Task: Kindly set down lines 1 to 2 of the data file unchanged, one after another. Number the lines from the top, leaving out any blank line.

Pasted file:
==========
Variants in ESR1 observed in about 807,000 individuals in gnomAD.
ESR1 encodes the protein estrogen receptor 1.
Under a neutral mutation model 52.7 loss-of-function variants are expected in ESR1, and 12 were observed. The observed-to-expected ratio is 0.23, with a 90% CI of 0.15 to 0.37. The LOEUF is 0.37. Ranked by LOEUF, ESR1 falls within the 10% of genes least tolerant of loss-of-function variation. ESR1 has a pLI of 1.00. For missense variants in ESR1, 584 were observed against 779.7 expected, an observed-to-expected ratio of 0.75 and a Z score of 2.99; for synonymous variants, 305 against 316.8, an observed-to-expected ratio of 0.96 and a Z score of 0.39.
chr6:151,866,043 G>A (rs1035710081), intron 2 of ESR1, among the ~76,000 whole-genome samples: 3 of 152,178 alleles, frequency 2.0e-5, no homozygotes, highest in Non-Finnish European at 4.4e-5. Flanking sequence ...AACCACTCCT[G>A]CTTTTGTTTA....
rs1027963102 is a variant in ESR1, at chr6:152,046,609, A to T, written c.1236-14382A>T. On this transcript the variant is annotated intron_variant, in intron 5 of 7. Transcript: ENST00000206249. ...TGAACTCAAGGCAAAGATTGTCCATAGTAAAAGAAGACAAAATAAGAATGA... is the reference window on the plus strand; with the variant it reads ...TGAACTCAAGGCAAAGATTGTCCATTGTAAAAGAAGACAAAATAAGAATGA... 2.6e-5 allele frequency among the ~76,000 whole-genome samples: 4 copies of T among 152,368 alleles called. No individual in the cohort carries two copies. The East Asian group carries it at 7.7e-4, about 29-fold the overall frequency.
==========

Variants in ESR1 observed in about 807,000 individuals in gnomAD.
ESR1 encodes the protein estrogen receptor 1.